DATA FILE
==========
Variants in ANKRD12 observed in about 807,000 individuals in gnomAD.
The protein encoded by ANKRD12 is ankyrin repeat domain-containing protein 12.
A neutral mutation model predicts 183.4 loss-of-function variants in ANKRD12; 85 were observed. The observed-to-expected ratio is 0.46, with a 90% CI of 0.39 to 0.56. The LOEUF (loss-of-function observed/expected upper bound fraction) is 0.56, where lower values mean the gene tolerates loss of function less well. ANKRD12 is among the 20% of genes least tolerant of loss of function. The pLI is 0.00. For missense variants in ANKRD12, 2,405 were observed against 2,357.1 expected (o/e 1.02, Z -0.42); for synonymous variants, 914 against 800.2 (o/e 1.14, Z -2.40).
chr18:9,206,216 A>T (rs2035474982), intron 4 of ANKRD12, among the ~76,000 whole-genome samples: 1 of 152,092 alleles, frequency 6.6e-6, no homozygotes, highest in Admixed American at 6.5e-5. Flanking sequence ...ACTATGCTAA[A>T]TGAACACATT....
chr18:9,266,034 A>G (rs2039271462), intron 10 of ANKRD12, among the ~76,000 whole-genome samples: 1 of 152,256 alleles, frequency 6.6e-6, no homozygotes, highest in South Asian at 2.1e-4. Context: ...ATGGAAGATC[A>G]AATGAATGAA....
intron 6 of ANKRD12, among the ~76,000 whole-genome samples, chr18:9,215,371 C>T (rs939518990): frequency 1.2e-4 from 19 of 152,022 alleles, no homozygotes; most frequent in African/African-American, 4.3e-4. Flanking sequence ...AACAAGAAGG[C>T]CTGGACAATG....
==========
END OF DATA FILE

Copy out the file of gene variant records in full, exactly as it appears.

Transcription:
Variants in ANKRD12 observed in about 807,000 individuals in gnomAD.
The protein encoded by ANKRD12 is ankyrin repeat domain-containing protein 12.
A neutral mutation model predicts 183.4 loss-of-function variants in ANKRD12; 85 were observed. The observed-to-expected ratio is 0.46, with a 90% CI of 0.39 to 0.56. The LOEUF (loss-of-function observed/expected upper bound fraction) is 0.56, where lower values mean the gene tolerates loss of function less well. ANKRD12 is among the 20% of genes least tolerant of loss of function. The pLI is 0.00. For missense variants in ANKRD12, 2,405 were observed against 2,357.1 expected (o/e 1.02, Z -0.42); for synonymous variants, 914 against 800.2 (o/e 1.14, Z -2.40).
chr18:9,206,216 A>T (rs2035474982), intron 4 of ANKRD12, among the ~76,000 whole-genome samples: 1 of 152,092 alleles, frequency 6.6e-6, no homozygotes, highest in Admixed American at 6.5e-5. Flanking sequence ...ACTATGCTAA[A>T]TGAACACATT....
chr18:9,266,034 A>G (rs2039271462), intron 10 of ANKRD12, among the ~76,000 whole-genome samples: 1 of 152,256 alleles, frequency 6.6e-6, no homozygotes, highest in South Asian at 2.1e-4. Context: ...ATGGAAGATC[A>G]AATGAATGAA....
intron 6 of ANKRD12, among the ~76,000 whole-genome samples, chr18:9,215,371 C>T (rs939518990): frequency 1.2e-4 from 19 of 152,022 alleles, no homozygotes; most frequent in African/African-American, 4.3e-4. Flanking sequence ...AACAAGAAGG[C>T]CTGGACAATG....